AAW Defining Moment 2017 Results: Mask vs Title, Cody Rhodes Debuts in Berwyn, Matt Riddle vs Shane Strickland, OI4K & More

Mike Killam

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AAW Defining Moment
August 31, 2017
Berwyn, IL

It was another sold out night in Berwyn in an event that lived up to its name for one Rey Fenix. The former Lucha Underground Champion can now add “AAW Heavyweight Champion” to his mounting resume, upsetting the man who has largely been carrying midwest indie wrestling on his back for the last 365 days, Sami Callihan.

Defining Moment was a legit standing room only sell-out with over 400 people crammed into the Eagles Club in the second to last show before October’s Jim Lynam Memorial Tournament. In a rare occurrence only two of the matches had been announced before hand, with the debut of Cody Rhodes and the year-long build to Callihan/Fenix headlining the marquee.

(1) Paco def. Connor Braxton in 1:57

Got a show in the midwest? Got a heel you need to get over in the opening match? It’s Paco time! The Chicago local won with a quick roll-up. As always, I’ll praise Braxton’s ability to draw heat anywhere, with anyone, and hope that someone somewhere is paying attention. Jeff Cobb came out after the match and obliterated Paco just for fun.

(2) Jeff Cobb def. Joey Janela in 12:01

Janela played the perfect underdog to Cobb’s new mean streak, getting tossed around and dominated in between comebacks. They went all out with Joey doing a dive over the barricade at one point, and the fans ate it up. AR Fox came out mix it up with Cobb at the end, before the big man put Janela away with the Tour of the Islands.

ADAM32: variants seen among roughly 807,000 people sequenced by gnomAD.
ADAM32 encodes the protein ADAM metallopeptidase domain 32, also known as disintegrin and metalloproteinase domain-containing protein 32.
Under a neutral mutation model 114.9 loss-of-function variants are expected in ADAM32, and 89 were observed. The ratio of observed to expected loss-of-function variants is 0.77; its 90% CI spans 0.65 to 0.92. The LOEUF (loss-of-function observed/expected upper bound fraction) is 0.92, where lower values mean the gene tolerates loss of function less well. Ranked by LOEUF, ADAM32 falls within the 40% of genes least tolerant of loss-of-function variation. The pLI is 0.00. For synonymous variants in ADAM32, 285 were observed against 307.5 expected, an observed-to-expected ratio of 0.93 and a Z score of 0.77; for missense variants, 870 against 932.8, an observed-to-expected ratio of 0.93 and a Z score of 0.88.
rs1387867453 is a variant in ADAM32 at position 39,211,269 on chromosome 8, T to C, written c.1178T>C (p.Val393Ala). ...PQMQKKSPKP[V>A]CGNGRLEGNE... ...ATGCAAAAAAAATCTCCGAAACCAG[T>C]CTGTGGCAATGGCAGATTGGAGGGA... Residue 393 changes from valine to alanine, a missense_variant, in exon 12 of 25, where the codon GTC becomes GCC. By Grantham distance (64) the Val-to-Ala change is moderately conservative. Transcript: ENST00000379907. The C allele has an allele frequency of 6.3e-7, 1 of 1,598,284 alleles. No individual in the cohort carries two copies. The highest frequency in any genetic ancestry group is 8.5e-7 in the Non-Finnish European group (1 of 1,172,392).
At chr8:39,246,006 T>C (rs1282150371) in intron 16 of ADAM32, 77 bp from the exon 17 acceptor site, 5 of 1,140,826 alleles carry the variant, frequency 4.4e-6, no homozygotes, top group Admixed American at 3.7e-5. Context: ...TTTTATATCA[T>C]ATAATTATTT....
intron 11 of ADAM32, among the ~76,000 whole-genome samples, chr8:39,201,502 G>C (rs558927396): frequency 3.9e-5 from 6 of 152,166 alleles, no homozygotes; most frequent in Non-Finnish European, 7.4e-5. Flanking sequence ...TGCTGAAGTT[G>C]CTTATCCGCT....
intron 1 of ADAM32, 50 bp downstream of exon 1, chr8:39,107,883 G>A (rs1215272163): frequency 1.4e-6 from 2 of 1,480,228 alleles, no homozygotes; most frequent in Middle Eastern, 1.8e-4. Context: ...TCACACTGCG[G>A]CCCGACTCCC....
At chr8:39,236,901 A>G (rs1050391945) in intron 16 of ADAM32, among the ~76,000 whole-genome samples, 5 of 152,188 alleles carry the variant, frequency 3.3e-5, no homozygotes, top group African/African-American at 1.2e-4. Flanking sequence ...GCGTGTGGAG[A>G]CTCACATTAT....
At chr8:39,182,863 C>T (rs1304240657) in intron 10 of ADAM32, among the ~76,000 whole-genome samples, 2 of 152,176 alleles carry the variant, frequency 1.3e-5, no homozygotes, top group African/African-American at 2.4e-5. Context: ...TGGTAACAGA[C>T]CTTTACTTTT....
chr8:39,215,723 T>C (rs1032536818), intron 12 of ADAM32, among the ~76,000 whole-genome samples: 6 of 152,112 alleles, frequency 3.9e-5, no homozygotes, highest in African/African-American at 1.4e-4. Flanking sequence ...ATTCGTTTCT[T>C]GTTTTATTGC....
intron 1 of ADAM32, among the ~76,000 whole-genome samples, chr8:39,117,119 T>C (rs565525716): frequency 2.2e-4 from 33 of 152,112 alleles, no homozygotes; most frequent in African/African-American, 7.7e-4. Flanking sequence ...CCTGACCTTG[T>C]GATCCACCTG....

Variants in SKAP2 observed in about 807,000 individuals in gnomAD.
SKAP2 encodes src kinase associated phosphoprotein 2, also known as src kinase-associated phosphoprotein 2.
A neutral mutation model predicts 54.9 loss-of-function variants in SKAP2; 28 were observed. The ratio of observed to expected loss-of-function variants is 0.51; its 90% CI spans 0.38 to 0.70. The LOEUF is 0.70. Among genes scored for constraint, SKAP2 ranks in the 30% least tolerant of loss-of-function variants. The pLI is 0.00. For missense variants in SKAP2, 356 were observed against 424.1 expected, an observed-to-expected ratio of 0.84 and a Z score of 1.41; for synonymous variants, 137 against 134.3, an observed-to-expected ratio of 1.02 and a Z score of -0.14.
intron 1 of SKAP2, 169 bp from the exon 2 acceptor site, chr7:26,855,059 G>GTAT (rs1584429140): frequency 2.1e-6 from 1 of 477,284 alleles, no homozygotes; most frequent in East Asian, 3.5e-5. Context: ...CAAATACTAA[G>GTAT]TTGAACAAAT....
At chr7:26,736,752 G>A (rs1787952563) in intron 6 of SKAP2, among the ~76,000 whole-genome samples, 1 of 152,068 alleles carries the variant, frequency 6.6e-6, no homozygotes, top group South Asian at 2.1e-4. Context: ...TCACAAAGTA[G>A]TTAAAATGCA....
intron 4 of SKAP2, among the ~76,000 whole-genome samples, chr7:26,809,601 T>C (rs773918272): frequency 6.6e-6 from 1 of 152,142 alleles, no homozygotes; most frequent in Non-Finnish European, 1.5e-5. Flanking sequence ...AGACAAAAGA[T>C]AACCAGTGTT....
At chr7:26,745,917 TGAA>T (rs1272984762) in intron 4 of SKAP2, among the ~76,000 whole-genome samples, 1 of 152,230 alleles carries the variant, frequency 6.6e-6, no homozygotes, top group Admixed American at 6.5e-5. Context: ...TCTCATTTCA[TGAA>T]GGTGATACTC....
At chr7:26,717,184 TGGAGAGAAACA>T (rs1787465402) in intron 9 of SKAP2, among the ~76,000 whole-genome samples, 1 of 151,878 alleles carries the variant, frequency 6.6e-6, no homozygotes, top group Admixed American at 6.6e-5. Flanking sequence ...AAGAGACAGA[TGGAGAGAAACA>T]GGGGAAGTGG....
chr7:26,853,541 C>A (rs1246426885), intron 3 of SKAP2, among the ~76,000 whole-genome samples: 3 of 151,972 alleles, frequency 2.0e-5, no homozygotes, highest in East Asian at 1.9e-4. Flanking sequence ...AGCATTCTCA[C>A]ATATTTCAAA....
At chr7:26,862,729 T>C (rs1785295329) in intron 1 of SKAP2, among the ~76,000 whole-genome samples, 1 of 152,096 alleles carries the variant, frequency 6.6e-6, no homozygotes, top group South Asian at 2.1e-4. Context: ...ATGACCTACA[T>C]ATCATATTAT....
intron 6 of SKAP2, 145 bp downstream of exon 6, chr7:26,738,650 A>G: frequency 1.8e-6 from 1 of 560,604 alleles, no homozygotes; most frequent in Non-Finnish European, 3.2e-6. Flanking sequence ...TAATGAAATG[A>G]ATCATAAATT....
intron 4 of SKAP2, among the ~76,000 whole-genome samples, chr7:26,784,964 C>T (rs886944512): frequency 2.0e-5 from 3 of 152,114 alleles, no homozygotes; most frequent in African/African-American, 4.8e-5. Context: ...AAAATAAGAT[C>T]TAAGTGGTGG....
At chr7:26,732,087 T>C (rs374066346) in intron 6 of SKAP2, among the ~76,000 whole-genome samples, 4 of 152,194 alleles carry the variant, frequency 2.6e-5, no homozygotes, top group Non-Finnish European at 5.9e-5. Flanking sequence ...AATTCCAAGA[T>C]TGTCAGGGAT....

(3) ACH & The Besties in the World def. Colt Cabana & Team Tremendous in 11:13

In a video package before the match, ACH tried to calm things between the Besties, who have been teasing a split for several months now. They quoted the FRIENDS theme song. The actual match was a ton of fun, as Colt Cabana worked his unique brand of comedy into the chaos of a six-man tag as ACH tried to keep his team together. Vega was treated to the usual “f–k you Vega” chants and tried to sacrifice his partners a few times to stay safe, which never quite worked out for him. Colt went on a hot streak throwing punches and elbows at the end, but the The Besties managed to keep it together long enough to come back and take it.

(4) Matt Riddle def. Shane Strickland in 15:21

This was one of the best matches I’ve seen live all year, possibly topping the Riddle/Elgin match from earlier this summer that currently sits on the top of my Indie Match of the Year list. They started slow and took their time building to the goods, taking the crowd along with them until things built to a fever pitch at the end. Riddle waited until the last possible second to kick out several times in a few of the closest nearfalls I’ve ever seen. There were all kinds of crazy spots including a Fisherman’s Buster off the apron, an attempted second rope Tombstone that got countered, and Strickland’s impressive double foot stomp. Shane kicked out of a brutal Bro-to-Sleep shocking everybody, but Riddle finally put him away with the Bromission. Go out of your way to see this match.

Perhaps the most impressive thing about all of this was that Matt had been violently sick the entire night before, the morning of, and even at the airport heading to Chicago, and still managed to put on one of the best matches of the year.

(5) Keith Lee def. Trevor Lee and AR Fox in a triple threat match in 10:50

Trevor continues his goal of making everyone hate him by trying to get Keith Lee to sign with Impact Wrestling. It’s funny, most people agree that Impact has been really darn good lately, but Chicago indie crowds will still give you hell for even mentioning their existence. The focus shifted a few times, with both beating up Trevor to start the match, then the realization that it would take both of them just to stop big Keith. Jeff Cobb made another appearance to give AR Fox his receipt which took them out of the equation, allowing Lee to hit a ridiculous powerbomb on Trevor to win.